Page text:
Opportunity costs represent a foregone opportunity for an investor or entity when choosing one option over the other. It is a widely used concept in the capital budgeting method when deciding between mutually exclusive projects.
Sunk costs represent a type of non-relevant costs that cannot be recovered and already spent.
Investment decisions mainly focus on future and incremental cash flows. Thus, sunk costs do not affect such decisions directly.
Let us evaluate some key differences between opportunity costs and sunk costs.
The opportunity cost is the value of a foregone opportunity when choosing one option over the other. Simply, it is the benefit that could have been received if not chosen for the other option.
Opportunity costs are never incurred or paid by the individual or an entity. Since these costs are never incurred nor seen, these are often overlooked by decision-makers.
Opportunity cost can be calculated as:
Opportunity Cost = Return on FO – Return on CO
Where FO = Foregone Option and CO = Chosen option.
The return on both options can be calculated by the NPV formula.
NPV = FCF + FCF1/(1+r)1 + FCF2/(1+r)2 + …. FCFn/(1+r)n
Example of Opportunity Costs
Suppose a company ABC has a mineral extraction contract from a land. The company estimates the total revenue of $ 5,000 million (NPV terms) if they take the project. The company would need to invest $ 1,000 million to generate that profit.
ABC can sell the land for $ 3,500 outright as well.
The accounting profit for ABC is $ 4,000 million if they operate the project. However, by choosing that option, they have foregone an opportunity of $ 3,500 of selling the land. Thus, economically, the company has generated a profit of only $ 500 million.
In other words, the company had an opportunity cost of $ 3,500 million to generate a profit of $ 4,000 million.
Important Considerations with Opportunity Costs
The concept of opportunity cost is only relevant where an alternative is available. For instance, in our example above, if the company ABC is the only company with mineral extracting rights over the land, then no other company would buy that land. Thus, there will be no opportunity cost.
Opportunity costs are important for mutually exclusive investment options. The investor should always invest in the highest NPV investment. However, the investor will always forfeit some opportunity cost by choosing one option over the other.
Sometimes an entity may be indifferent between investments. However, it cannot commit funds segregated for loan payments or any other inevitable costs. Thus, such situations do not present an opportunity cost practically.
Also, both the investment opportunity and the opportunity cost present a future prediction. It means returns from both options are uncertain. Thus, the practical evaluation for both options is always skeptical.
Sunk costs are already incurred and cannot be recovered. This cost is a type of non-relevant cost in the decision-making process for investment appraisals.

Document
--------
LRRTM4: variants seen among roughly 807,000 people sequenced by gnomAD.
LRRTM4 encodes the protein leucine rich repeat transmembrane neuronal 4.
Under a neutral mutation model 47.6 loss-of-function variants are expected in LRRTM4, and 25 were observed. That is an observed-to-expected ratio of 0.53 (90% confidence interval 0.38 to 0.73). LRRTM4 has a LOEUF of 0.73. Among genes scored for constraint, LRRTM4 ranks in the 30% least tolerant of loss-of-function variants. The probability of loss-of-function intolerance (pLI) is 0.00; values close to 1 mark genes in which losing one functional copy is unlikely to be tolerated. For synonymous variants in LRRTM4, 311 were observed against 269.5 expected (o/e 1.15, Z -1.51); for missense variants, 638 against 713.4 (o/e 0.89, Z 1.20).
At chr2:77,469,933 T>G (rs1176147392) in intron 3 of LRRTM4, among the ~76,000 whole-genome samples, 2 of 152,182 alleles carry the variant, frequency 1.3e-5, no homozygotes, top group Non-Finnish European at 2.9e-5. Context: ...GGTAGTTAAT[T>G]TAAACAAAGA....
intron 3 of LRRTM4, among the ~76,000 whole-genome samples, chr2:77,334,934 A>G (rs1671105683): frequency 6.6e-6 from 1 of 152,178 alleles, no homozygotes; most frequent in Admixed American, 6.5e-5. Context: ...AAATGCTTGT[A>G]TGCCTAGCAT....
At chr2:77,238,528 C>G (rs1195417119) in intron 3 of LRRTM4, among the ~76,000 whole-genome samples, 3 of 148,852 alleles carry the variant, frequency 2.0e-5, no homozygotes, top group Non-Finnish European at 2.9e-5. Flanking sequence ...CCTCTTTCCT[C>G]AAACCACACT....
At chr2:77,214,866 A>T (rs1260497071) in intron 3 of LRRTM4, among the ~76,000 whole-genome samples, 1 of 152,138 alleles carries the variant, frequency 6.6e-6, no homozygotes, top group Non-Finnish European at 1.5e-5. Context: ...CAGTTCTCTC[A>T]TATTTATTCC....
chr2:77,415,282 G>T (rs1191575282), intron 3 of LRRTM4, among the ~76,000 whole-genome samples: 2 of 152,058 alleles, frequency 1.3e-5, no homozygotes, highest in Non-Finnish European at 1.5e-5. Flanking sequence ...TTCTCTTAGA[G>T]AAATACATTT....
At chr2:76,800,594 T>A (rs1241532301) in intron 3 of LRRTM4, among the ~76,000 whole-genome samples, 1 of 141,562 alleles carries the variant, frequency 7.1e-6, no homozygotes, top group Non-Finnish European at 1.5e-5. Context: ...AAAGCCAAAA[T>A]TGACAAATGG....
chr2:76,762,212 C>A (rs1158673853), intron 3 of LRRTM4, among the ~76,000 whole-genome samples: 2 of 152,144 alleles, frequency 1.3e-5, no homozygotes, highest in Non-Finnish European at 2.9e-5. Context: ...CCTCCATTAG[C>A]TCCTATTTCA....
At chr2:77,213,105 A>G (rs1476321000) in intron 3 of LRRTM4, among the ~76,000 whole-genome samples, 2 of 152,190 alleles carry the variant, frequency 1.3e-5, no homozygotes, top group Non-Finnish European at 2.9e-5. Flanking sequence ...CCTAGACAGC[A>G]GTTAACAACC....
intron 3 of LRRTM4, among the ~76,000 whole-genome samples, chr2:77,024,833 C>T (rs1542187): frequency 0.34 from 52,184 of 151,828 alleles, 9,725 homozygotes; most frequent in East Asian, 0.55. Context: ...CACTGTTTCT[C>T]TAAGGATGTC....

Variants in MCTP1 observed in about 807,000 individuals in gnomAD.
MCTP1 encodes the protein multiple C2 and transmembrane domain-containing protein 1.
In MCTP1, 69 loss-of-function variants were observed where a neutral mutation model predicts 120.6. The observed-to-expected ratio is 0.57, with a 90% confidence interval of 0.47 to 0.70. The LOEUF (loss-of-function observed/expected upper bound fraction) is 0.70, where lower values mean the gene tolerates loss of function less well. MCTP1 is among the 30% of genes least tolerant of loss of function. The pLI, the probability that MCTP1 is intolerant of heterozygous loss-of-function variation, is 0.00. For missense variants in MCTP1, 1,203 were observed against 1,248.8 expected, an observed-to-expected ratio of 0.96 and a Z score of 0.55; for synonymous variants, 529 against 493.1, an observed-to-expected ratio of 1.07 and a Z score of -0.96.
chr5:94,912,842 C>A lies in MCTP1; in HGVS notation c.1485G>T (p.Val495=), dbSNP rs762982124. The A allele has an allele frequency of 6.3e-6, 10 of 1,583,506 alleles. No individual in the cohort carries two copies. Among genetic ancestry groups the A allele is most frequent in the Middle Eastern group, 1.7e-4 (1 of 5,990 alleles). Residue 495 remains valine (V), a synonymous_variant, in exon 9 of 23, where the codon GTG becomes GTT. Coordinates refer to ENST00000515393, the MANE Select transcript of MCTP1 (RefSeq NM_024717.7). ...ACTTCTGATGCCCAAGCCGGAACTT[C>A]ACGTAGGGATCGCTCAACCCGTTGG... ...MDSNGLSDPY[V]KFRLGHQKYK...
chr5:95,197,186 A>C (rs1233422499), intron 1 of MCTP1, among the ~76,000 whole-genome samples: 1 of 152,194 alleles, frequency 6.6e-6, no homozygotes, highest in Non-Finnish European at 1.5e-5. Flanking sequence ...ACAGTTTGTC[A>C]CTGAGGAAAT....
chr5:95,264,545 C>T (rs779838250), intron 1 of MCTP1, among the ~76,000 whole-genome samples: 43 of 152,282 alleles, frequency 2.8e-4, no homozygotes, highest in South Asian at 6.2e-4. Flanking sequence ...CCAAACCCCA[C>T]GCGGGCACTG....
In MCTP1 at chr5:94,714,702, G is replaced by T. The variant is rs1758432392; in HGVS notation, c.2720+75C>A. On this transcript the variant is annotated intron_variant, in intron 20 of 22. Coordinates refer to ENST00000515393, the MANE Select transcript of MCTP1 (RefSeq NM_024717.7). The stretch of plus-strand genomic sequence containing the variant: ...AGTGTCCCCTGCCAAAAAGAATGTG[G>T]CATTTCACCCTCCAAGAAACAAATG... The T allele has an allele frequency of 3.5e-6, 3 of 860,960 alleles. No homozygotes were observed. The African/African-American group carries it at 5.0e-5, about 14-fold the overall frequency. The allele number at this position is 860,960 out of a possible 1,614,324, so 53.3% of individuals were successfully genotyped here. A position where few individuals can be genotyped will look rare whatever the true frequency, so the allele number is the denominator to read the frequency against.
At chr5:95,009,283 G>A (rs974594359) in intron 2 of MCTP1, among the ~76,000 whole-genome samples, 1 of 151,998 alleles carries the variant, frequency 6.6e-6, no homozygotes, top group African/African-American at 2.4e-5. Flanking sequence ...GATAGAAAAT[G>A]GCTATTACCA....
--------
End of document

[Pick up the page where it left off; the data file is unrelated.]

A company may evaluate several investment options. For example, choosing between two or more products to launch. The company would first spend money on research and development for these products.
Regardless of the choice to produce one product over other, the money spent on research and development cannot be recovered now. Thus, that cost is considered a sunk cost. Hence, the sunk cost does not affect the decision here.
Common Examples of Sunk Costs
Suppose a company ABC manufactures luxury watches in Europe. It wants to expand the market share to Asia. The company conducts research and prepares a feasibility report to expand internationally to a new region.
Suppose ABC spends $ 10 million on the research project. Now, regardless of the choice ABC company makes, the spent $ 10 million cannot be recovered. Thus, it is a sunk cost.
Similarly, if a company ABC purchases new machinery for the production facility for $ 500 million. Regardless of the choice whether the company continues with the plan of manufacturing the cost is sunk.
Important Considerations with Sunk Costs
If a sunk cost relates to a future cash flow and can be recovered, it is not a sunk cost. For example, suppose the company ABC changes the production plans. However, it can resale the machinery at a discounted price of $ 450 million. The cost incurred becomes recoverable and thus is not a sunk cost.
Sunk costs are different from relevant costs or committed costs. Since sunk costs cannot be recovered, they should affect a decision of future investment. All future investment decisions should be made by analyzing the relevant costs.
Opportunity Costs v Sunk Costs – Key Differences
A sunk cost cannot be recovered and an opportunity cost cannot be obtained. Thus, both represent a form of lost opportunity or unachieved goal for an investor or a company.
The key difference between the two is that an opportunity cost is a foregone choice for a future event. Whereas, the sunk cost is an already incurred cost for a past event.
Another key difference between the two is that an opportunity cost is uncertain. It represents an estimation of a lost opportunity. Contrarily, the sunk costs are certain, incurred, and irrecoverable.
For accounting practice, some sunk costs can be amortized by the company. For instance, a company would amortize the cost of purchasing machinery. However, that will be only an accounting entry with no real cash flow.
Similarly, an opportunity cost would only affect a decision if there was a comparable option available. For example, an investor must not compare investing in a municipal bond against a high-risk stock investment.
Sunk costs can be easily confused with the relevant costs of an investment appraisal. Also, an opportunity cost can be considered a certain opportunity missed in investment evaluations. Thus, analysts must consider the broader picture when analyzing both sunk and opportunity costs.